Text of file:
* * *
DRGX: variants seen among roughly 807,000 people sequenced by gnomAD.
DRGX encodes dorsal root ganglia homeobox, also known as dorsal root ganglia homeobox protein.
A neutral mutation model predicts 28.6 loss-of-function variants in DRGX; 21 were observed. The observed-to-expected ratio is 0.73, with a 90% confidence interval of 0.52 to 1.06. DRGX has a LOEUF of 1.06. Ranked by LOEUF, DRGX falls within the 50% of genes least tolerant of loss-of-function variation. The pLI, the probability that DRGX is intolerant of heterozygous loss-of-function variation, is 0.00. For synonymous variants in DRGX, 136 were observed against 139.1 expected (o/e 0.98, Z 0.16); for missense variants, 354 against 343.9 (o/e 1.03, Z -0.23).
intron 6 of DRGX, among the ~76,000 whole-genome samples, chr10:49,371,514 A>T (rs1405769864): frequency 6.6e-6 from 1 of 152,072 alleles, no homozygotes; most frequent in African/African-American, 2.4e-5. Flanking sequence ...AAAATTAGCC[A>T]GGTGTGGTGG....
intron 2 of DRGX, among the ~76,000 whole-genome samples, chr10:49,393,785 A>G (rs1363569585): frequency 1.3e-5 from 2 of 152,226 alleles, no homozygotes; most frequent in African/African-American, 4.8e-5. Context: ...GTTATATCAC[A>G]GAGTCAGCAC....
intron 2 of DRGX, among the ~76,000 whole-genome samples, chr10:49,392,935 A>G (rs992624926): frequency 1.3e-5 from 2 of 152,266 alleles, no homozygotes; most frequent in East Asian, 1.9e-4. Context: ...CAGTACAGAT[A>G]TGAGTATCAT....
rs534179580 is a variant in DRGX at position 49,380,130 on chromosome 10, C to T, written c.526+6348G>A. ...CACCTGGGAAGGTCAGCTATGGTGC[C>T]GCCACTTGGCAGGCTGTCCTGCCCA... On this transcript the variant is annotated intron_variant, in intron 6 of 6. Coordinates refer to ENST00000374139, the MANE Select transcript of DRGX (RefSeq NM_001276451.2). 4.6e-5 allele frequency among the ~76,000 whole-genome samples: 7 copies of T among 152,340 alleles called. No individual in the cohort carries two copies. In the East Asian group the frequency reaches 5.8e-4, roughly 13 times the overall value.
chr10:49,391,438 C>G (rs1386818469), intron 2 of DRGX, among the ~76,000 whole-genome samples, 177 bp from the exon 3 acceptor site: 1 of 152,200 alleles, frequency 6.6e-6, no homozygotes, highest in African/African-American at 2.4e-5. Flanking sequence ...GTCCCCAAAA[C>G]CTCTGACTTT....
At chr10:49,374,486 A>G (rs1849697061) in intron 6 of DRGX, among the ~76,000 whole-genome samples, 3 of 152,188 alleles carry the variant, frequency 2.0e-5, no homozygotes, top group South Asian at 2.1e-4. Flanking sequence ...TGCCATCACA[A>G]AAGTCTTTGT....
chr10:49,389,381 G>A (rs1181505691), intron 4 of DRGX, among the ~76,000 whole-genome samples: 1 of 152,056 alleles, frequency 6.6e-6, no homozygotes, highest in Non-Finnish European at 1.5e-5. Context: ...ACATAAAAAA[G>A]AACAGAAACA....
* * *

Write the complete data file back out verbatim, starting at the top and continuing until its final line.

DRGX: variants seen among roughly 807,000 people sequenced by gnomAD.
DRGX encodes dorsal root ganglia homeobox, also known as dorsal root ganglia homeobox protein.
A neutral mutation model predicts 28.6 loss-of-function variants in DRGX; 21 were observed. The observed-to-expected ratio is 0.73, with a 90% confidence interval of 0.52 to 1.06. DRGX has a LOEUF of 1.06. Ranked by LOEUF, DRGX falls within the 50% of genes least tolerant of loss-of-function variation. The pLI, the probability that DRGX is intolerant of heterozygous loss-of-function variation, is 0.00. For synonymous variants in DRGX, 136 were observed against 139.1 expected (o/e 0.98, Z 0.16); for missense variants, 354 against 343.9 (o/e 1.03, Z -0.23).
intron 6 of DRGX, among the ~76,000 whole-genome samples, chr10:49,371,514 A>T (rs1405769864): frequency 6.6e-6 from 1 of 152,072 alleles, no homozygotes; most frequent in African/African-American, 2.4e-5. Flanking sequence ...AAAATTAGCC[A>T]GGTGTGGTGG....
intron 2 of DRGX, among the ~76,000 whole-genome samples, chr10:49,393,785 A>G (rs1363569585): frequency 1.3e-5 from 2 of 152,226 alleles, no homozygotes; most frequent in African/African-American, 4.8e-5. Context: ...GTTATATCAC[A>G]GAGTCAGCAC....
intron 2 of DRGX, among the ~76,000 whole-genome samples, chr10:49,392,935 A>G (rs992624926): frequency 1.3e-5 from 2 of 152,266 alleles, no homozygotes; most frequent in East Asian, 1.9e-4. Context: ...CAGTACAGAT[A>G]TGAGTATCAT....
rs534179580 is a variant in DRGX at position 49,380,130 on chromosome 10, C to T, written c.526+6348G>A. ...CACCTGGGAAGGTCAGCTATGGTGC[C>T]GCCACTTGGCAGGCTGTCCTGCCCA... On this transcript the variant is annotated intron_variant, in intron 6 of 6. Coordinates refer to ENST00000374139, the MANE Select transcript of DRGX (RefSeq NM_001276451.2). 4.6e-5 allele frequency among the ~76,000 whole-genome samples: 7 copies of T among 152,340 alleles called. No individual in the cohort carries two copies. In the East Asian group the frequency reaches 5.8e-4, roughly 13 times the overall value.
chr10:49,391,438 C>G (rs1386818469), intron 2 of DRGX, among the ~76,000 whole-genome samples, 177 bp from the exon 3 acceptor site: 1 of 152,200 alleles, frequency 6.6e-6, no homozygotes, highest in African/African-American at 2.4e-5. Flanking sequence ...GTCCCCAAAA[C>G]CTCTGACTTT....
At chr10:49,374,486 A>G (rs1849697061) in intron 6 of DRGX, among the ~76,000 whole-genome samples, 3 of 152,188 alleles carry the variant, frequency 2.0e-5, no homozygotes, top group South Asian at 2.1e-4. Flanking sequence ...TGCCATCACA[A>G]AAGTCTTTGT....
chr10:49,389,381 G>A (rs1181505691), intron 4 of DRGX, among the ~76,000 whole-genome samples: 1 of 152,056 alleles, frequency 6.6e-6, no homozygotes, highest in Non-Finnish European at 1.5e-5. Context: ...ACATAAAAAA[G>A]AACAGAAACA....